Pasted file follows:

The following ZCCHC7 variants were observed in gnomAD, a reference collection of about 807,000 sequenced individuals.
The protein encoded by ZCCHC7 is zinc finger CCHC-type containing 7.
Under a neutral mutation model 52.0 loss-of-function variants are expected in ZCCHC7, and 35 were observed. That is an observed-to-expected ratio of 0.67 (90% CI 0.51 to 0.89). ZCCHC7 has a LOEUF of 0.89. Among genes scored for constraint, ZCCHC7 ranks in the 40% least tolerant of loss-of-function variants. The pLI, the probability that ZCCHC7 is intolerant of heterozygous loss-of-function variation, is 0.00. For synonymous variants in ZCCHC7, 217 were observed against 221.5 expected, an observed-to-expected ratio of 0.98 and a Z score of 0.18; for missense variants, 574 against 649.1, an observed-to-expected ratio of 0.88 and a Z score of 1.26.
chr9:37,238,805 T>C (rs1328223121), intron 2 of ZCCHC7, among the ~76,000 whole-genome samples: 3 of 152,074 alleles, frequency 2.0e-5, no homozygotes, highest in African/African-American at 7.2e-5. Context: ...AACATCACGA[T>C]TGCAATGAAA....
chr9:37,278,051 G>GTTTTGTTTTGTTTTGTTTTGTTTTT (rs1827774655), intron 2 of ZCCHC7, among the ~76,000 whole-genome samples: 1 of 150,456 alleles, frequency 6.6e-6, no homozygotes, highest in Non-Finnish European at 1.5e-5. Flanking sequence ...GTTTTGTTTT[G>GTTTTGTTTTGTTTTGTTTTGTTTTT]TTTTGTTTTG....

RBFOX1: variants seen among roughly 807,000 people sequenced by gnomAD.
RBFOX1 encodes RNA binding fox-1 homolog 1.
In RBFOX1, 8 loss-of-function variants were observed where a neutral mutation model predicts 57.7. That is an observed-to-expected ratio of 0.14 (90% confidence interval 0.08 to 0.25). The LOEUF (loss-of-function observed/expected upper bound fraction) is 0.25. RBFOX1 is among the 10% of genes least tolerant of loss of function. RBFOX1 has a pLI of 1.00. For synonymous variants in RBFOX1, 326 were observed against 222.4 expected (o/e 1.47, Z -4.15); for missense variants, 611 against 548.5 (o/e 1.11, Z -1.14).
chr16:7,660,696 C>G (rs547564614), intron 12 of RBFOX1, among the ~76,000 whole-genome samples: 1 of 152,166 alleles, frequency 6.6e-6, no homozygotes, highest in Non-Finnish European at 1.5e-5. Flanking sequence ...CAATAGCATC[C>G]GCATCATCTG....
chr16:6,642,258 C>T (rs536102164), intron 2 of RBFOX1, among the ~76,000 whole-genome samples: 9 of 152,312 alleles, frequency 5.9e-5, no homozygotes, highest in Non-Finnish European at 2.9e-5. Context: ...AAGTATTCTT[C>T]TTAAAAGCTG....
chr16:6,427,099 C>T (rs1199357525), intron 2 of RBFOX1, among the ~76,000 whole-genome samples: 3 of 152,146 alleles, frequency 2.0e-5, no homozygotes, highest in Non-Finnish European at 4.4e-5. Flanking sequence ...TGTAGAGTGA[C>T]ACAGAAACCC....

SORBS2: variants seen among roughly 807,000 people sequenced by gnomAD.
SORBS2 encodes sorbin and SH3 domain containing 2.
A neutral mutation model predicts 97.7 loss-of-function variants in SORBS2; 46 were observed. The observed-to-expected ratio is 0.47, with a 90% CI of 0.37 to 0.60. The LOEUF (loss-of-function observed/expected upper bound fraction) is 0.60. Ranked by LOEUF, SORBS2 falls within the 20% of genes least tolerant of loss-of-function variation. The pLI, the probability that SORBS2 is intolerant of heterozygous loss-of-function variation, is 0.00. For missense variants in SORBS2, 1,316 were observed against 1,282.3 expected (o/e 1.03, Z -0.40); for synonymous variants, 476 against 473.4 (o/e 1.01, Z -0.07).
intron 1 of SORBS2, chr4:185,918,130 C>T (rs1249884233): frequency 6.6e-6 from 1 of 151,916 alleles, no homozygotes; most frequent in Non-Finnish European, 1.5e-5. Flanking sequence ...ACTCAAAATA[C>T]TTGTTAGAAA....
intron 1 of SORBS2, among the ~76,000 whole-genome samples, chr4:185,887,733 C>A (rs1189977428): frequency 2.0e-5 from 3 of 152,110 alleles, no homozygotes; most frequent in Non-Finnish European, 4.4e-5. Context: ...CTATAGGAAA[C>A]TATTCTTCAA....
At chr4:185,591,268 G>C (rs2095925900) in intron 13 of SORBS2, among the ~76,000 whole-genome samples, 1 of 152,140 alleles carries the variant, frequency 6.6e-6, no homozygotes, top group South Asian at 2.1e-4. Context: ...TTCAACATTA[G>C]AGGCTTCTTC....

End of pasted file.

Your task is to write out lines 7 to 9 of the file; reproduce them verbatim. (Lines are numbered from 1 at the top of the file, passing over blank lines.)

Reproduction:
RBFOX1 encodes RNA binding fox-1 homolog 1.
In RBFOX1, 8 loss-of-function variants were observed where a neutral mutation model predicts 57.7. That is an observed-to-expected ratio of 0.14 (90% confidence interval 0.08 to 0.25). The LOEUF (loss-of-function observed/expected upper bound fraction) is 0.25. RBFOX1 is among the 10% of genes least tolerant of loss of function. RBFOX1 has a pLI of 1.00. For synonymous variants in RBFOX1, 326 were observed against 222.4 expected (o/e 1.47, Z -4.15); for missense variants, 611 against 548.5 (o/e 1.11, Z -1.14).
chr16:7,660,696 C>G (rs547564614), intron 12 of RBFOX1, among the ~76,000 whole-genome samples: 1 of 152,166 alleles, frequency 6.6e-6, no homozygotes, highest in Non-Finnish European at 1.5e-5. Flanking sequence ...CAATAGCATC[C>G]GCATCATCTG....